Feb. 24
We're having the cold (high of 12 F today), but the winds were less strong than predicted, so it wasn't bad to go for a walk or be outside shoveling..  I wore ski goggles when riding my bike--especially effective when it's snowing, which it mostly didn't today.  The snow total was about 6 inches, less than the foot of snow they got in Spokane (usually it's the reverse).   Currently it's colder here than in Nome and Minnesota (usually it's the reverse)...
We are keeping the woodstoves going, using some supplemental electric heat, and leaving a dribble of water going at the pottery, which has been known to have pipes freeze at these temperatures.  At least winter weather is easier to deal with than world oil prices or Arabic revolutions.

Feb. 25
We went walking onto the ridge again today, not too surprised to be the first people up there after the last snow.  The sky was clear blue. We followed deer tracks that led us to bushwack down a new way to the road below.  We saw an eagle, a squirrel, and a few nuthatches, chickadees, and juncos.  When we walked where there were no tracks at all, the snow patterns were lovely--unusual for around here in being wind formed like sand dunes.

Feb. 28
 March is just rarin' to come in like a lion, so we had the big winds and wet snow starting yesterday, and at least the snows expected to continue into March.  Although the temperature went just above freezing, it was enough to keep the snow mostly in place--if it had been below freezing there would have been a lot of drifts.  I expect that all of us northerners are looking forward to the softening of winter represented in March...


Books read and other media of note
Practice to Deceive by David Housewright.  This was a cleverly plotted mystery set in Minnesota.  Although written in the 90's, some of the investment shenanigans could have been written last year...

Unbroken by Laura Hillebrand.  
This was a tough read, of the suffering of a downed bombardier and former Olympic athelete in WWII, but by the end it was well worth the effort.  It reminded me of the book of Job, in terms of what else bad could happen to the guy...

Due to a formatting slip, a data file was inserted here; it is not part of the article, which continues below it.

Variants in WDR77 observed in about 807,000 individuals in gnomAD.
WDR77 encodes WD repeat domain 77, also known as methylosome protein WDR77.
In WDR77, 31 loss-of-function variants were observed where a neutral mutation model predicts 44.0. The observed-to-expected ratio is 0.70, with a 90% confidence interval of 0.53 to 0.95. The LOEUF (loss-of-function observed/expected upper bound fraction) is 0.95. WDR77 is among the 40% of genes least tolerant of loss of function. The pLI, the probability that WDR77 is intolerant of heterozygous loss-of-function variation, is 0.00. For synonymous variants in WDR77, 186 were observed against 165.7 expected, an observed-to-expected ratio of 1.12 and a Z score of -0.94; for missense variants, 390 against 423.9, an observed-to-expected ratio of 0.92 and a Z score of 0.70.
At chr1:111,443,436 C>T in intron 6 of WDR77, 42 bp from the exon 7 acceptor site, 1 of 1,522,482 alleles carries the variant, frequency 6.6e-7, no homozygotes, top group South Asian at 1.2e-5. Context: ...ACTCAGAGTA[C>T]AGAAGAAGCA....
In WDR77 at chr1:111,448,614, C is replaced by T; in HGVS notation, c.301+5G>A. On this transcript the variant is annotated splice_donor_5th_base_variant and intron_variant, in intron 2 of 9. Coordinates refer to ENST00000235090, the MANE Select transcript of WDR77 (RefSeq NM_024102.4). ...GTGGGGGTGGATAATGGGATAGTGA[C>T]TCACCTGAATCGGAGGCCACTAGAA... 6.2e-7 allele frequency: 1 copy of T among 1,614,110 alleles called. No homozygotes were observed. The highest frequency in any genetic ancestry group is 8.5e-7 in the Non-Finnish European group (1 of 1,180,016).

The Ring of Solomon by Jonathan Stroud  
A genie tale that makes the genie out to be the sympathetic character, and the humans filled with foibles.  Stroud is good at tweaking our sensibilities.

Get Real by Donald Westlake
It's been a long run for the Dortmunder gang.  This one brings it up to date with cell phones and reality TV, but it's the same reliable comedy theft routine...

And Thereby Hangs a Tale by Jeffrey Archer  
15 short stories by a master story teller, many of them true.   The true ones would benefit from a short introduction on how he learned of the stories, although in one it was implied that people seek him out with interesting stories...  There did seem to be a preponderance of clever amoral people winning out, and the obligatory O. Henry type twist endings.

Money Secrets by Dave Barry  
More of his delightfully adolescent humor on that ever touchy subject...

The Highly Effective Detective goes to the Dogs by Richard Yancey   I think this is my favorite of the 3 Teddy Ruzak mysteries.  It has a lot of aspects of a screwball comedy, even though there's the usual "murder and detective getting beat up going up against everyone to solve it"  plot.